Tuesday, May 17, 2011

Container Gardening

Stake Provident Living Meeting- April 6, 2011
Janeel Burningham- 5th ward Provident Living Leader

There's no better place to start a simple garden than in a container, But also you can fit a pot into the smallest of spaces.  Container gardens are also relatively inexpensive.

Things to consider:
1. Container: Any containers are possible, just stay away from narrow necked containers.  Select your container according to plant size and number of plants in each.  Make sure your container has drainage holes.  You can add Styrofoam peanuts or small extra pots turned upside down in the bottom of a container to use less soil and make it less heavy.  Wood containers can rot from constant water contact.  Clay and ceramic pots are not winter hardy.  Expansion from freezing water can crack the pot.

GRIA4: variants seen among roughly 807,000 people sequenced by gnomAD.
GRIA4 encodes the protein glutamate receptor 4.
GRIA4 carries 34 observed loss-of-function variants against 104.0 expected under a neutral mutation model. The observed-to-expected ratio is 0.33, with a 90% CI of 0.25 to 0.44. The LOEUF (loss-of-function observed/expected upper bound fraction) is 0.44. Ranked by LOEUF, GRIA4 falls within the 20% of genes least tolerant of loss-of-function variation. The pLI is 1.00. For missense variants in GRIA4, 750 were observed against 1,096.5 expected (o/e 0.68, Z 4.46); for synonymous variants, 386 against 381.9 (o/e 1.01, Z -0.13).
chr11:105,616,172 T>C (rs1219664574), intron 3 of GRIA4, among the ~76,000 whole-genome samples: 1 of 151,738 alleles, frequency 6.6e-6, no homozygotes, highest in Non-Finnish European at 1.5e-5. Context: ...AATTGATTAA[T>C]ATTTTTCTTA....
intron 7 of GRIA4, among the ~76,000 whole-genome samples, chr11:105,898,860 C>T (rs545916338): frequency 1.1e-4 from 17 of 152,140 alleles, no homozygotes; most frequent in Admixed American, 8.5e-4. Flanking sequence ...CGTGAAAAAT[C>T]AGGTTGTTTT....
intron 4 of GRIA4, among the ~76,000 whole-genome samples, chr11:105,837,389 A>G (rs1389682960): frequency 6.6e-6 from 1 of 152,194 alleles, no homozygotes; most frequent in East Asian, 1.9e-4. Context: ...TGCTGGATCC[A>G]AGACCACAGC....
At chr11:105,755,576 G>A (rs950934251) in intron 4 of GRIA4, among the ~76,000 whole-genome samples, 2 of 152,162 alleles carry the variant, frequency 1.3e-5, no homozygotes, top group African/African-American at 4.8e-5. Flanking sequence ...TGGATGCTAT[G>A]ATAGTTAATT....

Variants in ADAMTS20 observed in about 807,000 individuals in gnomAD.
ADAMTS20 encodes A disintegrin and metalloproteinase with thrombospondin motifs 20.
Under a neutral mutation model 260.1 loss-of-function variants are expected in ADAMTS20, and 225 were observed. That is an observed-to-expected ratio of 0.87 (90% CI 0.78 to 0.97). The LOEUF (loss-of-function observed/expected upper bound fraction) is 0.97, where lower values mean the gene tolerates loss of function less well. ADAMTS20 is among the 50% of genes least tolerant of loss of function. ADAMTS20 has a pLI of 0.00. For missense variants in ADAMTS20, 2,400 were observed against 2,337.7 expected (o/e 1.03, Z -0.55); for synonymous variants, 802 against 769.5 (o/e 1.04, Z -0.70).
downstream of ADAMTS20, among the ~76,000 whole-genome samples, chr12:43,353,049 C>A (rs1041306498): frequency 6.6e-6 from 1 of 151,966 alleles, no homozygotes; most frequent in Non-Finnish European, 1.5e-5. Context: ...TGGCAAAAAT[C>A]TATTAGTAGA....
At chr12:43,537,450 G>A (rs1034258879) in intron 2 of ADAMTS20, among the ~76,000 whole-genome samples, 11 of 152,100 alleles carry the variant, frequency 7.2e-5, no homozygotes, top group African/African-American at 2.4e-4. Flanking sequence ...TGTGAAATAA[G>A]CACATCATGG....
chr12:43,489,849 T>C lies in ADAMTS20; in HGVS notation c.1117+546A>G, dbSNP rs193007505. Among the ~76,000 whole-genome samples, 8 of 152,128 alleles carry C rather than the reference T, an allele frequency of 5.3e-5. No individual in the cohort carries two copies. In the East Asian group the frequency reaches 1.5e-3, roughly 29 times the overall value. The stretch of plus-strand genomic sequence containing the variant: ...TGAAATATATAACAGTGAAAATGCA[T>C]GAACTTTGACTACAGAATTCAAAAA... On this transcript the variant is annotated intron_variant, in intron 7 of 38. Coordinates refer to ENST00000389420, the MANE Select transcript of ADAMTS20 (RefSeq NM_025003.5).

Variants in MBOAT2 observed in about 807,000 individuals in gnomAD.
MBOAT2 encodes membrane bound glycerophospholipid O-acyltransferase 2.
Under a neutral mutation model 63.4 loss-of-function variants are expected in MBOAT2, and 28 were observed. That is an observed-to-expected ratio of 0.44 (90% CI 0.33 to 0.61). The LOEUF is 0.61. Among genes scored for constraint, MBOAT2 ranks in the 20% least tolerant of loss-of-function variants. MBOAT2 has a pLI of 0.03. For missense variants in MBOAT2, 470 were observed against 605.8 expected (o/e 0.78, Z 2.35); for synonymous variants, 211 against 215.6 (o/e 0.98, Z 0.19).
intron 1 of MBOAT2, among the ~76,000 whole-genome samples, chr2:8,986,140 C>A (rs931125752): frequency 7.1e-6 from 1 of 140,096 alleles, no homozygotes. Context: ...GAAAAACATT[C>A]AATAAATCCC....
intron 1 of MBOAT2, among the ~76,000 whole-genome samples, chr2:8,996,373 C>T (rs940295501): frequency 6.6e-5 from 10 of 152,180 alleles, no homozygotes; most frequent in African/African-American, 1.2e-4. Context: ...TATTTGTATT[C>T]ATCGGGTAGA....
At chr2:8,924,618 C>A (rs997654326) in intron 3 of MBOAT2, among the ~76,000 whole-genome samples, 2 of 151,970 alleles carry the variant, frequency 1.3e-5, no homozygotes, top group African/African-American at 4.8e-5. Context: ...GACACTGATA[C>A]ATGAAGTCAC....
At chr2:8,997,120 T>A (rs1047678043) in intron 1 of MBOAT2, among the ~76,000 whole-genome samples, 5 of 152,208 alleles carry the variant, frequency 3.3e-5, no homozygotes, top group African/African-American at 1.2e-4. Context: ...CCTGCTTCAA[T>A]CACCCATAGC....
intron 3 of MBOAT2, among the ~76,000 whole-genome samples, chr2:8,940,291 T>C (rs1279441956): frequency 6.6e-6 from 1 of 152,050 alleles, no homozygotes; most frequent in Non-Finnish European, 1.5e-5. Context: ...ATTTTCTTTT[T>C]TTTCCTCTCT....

2.Soil:  Loose potting soil works best so dirt doesn't compact and oxygen stays at the roots of your plants.  Some soils are available with fertilizer added.
3. Water: Container gardens need water every day in hot weather.  When planting seeds, water garden with a light spray nozzle so seeds don't get washed away.  The amount of sun exposure will affect the frequency of watering and plants can sunburn.
4. Plants:  You can start your own seeds or buy plants from garden centers.  There is a wide variety of plants available so experiment with some fun combinations.

Advantages of container gardening:
You can move containers around to different areas of  your yard.
Containers can be changed with the seasons.
Invasive plants can be controlled by planting them in a container (example: Mint)
1. "The Simple Garden"  Burpee Gardens (2008)
2. Personal experience and experimentation.

Here is another great publication that the church recommends: